Penelope Trunk

Penelope Trunk is no stranger to controversy. As a finance advice columnist for Yahoo and the Boston Globe, she advised women in their early 20s who want kids to “take that career drive and direct it toward mating — your ovaries will not last longer than your career." When the founder and CEO of Brazen Careerist who blogs about work-life issues for Gen Yers recently used Twitter to announce that she was in the middle of a board meeting and having a miscarriage, she set the blogosphere on fire. But for Trunk, 42, who began her career as a professional beach volleyball player and then spent a decade as a software exec before founding three companies — undergoing an IPO, merger and bankruptcy along the way — and writing a book, “Brazen Careerist: The New Rules for Success,” it’s all about honesty and transparency, including her own life. Not too long ago, she blogged that she has Asperger’s, as does one of her children. Divorced for about a year, the mother of two boys, 4 and 7, is about to marry again, this time to a farmer near her Madison, Wisc., house.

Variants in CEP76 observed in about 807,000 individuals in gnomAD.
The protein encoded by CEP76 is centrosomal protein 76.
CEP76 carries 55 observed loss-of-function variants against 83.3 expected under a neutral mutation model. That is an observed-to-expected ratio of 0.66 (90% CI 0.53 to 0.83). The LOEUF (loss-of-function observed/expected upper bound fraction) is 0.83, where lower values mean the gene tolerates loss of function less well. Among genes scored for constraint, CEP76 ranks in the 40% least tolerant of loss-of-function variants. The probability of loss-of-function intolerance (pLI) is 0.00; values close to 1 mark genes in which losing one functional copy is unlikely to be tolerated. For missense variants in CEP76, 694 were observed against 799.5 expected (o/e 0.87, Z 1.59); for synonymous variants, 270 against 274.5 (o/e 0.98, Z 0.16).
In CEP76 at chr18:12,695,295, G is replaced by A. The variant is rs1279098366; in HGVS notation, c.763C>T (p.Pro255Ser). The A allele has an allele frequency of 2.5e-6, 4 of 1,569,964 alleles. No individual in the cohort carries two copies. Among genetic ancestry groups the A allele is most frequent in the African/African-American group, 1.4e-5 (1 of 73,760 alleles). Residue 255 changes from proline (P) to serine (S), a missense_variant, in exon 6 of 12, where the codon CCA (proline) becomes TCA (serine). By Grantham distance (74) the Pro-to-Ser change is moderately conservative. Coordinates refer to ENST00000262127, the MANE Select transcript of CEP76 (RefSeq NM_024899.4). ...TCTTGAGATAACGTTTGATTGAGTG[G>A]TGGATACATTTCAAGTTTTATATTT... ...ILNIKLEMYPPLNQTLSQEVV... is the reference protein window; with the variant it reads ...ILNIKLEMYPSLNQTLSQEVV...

You were a stay-at-home mom for a while, but you say that was not the life for you. How long did you stay at home, how old were your kids and why wasn’t it right for you?


I stayed home until my youngest was 4. It wasn’t for me because it’s a very unstructured life — you don’t know when they’ll sleep, when they’ll wake up, when they’ll throw a fit. The level of unpredictability blew me away. Kids need constant attention and constant care. They’re in the moment and you can’t think about stuff. I felt like I was in limbo constantly. I don’t know how people do it. There’s no reward system, no structure for who’s better at it, there’s no performance measurement. Work is so easy compared to that. It’s frustrating not only how hard it is, but how little society respects it. I think day to day, people are just trying to get through the day; over time, it’s rewarding.


You told a funny story about trying to promo your book while mommying, which is something all parents on some level have to deal with. Do women have a harder time with this, and why?


They care more. Men don’t care as much. When women and men have the same job and the same hours, women will feel more guilt over the kids and women will compromise their work more. The difference in pay at work only occurs when they have kids.